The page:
I went back to the same spot that we were at yesterday. Arriving right around 6:30, later than we had hoped, we were lucky that the temperature had not dropped much and we could kick our old holes back open. Still mostly dark, the fish were pounding. It was the magic hour that only lasted 45 minutes.
As we worked our way through the day old holes, we found fish in most of them. In a good hole we would pull three fish but in a few random holes there was double or triple that! The crappie were very aggressive; charging the bait as it was worked down the water column. Most fish came from 3.5′ below the ice with no relation to weeds present. They weren’t picky about what they fed on as long as it was moving. The feeding frenzy concluded when the bluegill started to move up in the water column and the crappie moved out.
Throughout the middle of the day, we moved around a lot checking out new spots. It seemed like everywhere we moved there was fish that were on the move. We would punch holes, catch fish for half an hour, then have nothing. It went this way up until about 3:30. Mid day, we caught crappie, perch, and pumpkinseed in deeper water. When the water got shallower (4-5′), bluegill were the main fish holding up in the thick weeds. Not understanding their movements, we went back to the area we had caught the crappie in the morning.
About the time the sun started to set, the action picked back up. The crappie started charging 3-4 feet to intercept whatever we put in front of them. We could do nothing wrong again! Working our way through a long stretch of holes paralleling a weed edge we eventually found the end of the crappie and started catching only bluegill. We turned around to work back through the crappie section. At this point it seemed that the crappie disappeared mostly and not bull bluegill were the only fish around. The bluegill were hungry and aggressive. There was no issue reading the fish movement vertically in the dense weeds!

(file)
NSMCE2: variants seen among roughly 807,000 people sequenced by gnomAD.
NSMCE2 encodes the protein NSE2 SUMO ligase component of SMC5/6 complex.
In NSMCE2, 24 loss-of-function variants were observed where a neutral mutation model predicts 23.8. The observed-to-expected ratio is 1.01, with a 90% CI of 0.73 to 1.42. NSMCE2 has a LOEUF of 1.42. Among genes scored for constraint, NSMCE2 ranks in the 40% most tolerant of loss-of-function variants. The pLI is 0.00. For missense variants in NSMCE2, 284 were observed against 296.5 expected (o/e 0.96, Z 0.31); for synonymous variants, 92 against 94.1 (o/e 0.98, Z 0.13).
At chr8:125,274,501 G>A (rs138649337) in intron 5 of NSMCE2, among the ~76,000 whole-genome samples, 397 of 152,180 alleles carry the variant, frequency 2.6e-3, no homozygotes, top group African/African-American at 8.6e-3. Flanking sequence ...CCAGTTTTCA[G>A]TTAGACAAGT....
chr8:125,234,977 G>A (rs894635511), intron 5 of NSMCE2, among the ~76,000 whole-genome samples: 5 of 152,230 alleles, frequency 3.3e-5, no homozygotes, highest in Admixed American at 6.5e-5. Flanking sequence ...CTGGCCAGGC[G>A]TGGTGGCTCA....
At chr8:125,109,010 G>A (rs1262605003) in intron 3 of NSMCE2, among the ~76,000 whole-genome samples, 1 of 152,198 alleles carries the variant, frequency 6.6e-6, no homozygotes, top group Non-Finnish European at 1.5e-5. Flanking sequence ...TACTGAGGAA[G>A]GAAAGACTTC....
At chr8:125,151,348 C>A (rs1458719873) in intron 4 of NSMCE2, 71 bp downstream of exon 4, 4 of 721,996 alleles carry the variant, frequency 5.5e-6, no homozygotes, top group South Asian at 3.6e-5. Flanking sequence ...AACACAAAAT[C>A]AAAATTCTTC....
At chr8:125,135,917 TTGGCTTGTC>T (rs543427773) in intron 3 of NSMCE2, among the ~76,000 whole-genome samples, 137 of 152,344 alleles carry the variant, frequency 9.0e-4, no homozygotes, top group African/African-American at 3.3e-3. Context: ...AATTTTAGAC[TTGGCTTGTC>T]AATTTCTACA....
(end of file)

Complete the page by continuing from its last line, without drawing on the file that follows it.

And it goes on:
It was a great way to end two long days ice fishing!
Check out Busy Day On The Ice on our YouTube page for more action!
We’ve all had the days when we arrive at our favorite fishing spot and realize that we have it all to ourselves, on this day that wouldn’t be the case. We arrived at one of our favorite spots greeted by calm skies with little to no breeze and temps in the 20’s, perfect day to be on the ice. Unfortunately, the recent cold temperatures had given the tip up fishermen enough confidence to haul out the hard sides and set up shop for the season. A few members of our group were able to arrive at day break and punched out an area as a way of “claiming” a spot.
The morning bite was hot, everything was right, the water was coming in, we had overcast skies, fish were active. We spent the first couple of hours chasing the school’s of pumpkinseed, bluegill, and crappie along the edge of the main channel adjacent to the thickest weed line. Early ice at it’s best however; Early ice also means everybody and their brother is itching to get out. The amount of tip ups in the ice was off the charts. This is not a big setback and every inch of the channel was spoken for. We were not able to fish our spots the way we normally would have.